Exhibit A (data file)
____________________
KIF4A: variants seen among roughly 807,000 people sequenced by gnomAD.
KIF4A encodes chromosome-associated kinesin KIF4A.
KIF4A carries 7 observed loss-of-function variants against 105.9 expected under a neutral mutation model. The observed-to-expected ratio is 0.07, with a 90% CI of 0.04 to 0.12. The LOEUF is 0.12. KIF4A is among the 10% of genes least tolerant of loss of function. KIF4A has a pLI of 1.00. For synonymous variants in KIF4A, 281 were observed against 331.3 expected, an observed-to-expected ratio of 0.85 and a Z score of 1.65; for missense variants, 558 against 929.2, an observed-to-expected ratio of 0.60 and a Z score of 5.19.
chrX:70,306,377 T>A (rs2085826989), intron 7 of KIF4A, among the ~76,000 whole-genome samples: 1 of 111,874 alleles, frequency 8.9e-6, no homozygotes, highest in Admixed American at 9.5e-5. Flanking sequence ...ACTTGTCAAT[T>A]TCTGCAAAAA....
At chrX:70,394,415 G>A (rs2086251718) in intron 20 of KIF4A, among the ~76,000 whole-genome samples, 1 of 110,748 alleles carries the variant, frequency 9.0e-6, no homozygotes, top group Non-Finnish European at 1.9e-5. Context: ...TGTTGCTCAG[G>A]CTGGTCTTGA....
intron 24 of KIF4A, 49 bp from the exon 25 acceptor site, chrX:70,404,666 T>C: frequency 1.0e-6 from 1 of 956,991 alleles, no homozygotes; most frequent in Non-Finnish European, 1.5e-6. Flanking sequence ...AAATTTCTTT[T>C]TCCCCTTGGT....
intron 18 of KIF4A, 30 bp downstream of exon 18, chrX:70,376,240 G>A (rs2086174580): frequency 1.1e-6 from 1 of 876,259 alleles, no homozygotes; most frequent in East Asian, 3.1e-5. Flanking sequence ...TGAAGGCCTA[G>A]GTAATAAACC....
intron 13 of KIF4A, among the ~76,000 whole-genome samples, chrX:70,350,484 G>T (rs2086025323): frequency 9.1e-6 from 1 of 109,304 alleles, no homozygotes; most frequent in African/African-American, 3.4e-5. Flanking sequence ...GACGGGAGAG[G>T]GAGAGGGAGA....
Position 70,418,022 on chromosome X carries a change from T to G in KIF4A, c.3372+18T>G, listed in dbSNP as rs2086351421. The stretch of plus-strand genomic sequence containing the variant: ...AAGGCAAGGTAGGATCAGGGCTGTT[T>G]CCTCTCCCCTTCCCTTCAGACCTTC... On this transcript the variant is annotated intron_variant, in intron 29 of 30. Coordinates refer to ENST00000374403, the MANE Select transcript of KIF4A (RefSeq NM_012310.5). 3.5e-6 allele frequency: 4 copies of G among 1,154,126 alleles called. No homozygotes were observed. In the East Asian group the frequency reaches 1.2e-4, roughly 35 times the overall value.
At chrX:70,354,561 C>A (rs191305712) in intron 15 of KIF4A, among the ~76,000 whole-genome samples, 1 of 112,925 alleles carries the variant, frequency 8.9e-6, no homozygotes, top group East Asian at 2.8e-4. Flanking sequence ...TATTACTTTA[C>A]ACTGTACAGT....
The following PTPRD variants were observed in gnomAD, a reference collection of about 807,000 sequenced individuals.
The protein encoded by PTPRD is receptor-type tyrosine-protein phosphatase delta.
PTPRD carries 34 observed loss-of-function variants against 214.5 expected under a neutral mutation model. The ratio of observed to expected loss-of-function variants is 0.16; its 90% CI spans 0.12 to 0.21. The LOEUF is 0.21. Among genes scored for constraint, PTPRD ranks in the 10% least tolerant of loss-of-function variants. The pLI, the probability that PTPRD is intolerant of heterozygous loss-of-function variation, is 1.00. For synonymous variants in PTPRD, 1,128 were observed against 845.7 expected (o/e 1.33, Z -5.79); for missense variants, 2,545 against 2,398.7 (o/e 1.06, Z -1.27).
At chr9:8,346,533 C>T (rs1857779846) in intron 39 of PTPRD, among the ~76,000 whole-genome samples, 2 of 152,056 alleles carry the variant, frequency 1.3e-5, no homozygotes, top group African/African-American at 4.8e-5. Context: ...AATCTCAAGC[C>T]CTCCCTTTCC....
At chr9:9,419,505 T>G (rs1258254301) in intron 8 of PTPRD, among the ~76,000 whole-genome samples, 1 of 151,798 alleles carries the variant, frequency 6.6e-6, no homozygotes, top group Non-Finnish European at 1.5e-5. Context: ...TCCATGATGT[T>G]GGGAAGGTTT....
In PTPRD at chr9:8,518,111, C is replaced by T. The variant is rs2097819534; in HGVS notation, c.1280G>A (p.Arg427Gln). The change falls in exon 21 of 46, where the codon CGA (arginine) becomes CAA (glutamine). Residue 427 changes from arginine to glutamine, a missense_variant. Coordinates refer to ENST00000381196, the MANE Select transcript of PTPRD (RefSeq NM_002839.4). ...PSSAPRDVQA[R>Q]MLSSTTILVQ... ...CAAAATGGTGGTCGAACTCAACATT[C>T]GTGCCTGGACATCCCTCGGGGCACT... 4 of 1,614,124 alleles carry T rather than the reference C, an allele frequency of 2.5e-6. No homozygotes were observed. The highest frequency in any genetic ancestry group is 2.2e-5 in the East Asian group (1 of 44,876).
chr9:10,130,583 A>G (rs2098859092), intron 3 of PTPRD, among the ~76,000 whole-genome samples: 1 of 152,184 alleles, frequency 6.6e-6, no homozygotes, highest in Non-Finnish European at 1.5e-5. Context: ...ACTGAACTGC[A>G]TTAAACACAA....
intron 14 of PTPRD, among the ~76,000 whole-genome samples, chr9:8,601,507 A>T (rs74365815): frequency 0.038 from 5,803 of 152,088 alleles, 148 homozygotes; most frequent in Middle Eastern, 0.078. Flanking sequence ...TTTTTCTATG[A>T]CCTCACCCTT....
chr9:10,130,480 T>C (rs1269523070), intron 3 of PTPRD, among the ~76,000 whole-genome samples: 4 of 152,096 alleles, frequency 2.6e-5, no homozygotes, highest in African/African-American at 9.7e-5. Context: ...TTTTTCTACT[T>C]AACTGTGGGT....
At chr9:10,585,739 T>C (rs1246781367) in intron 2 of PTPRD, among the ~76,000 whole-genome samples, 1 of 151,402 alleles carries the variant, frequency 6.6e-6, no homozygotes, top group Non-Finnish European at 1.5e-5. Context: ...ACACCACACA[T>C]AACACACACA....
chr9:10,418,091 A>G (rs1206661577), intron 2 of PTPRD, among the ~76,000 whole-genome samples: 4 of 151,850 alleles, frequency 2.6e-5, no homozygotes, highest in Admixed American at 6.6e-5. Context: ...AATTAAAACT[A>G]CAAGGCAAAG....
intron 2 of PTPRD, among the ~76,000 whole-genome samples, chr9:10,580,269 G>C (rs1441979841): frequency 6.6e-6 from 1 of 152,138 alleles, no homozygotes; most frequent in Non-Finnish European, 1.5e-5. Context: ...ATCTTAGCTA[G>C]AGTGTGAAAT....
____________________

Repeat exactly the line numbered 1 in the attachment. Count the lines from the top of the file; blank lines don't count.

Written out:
KIF4A: variants seen among roughly 807,000 people sequenced by gnomAD.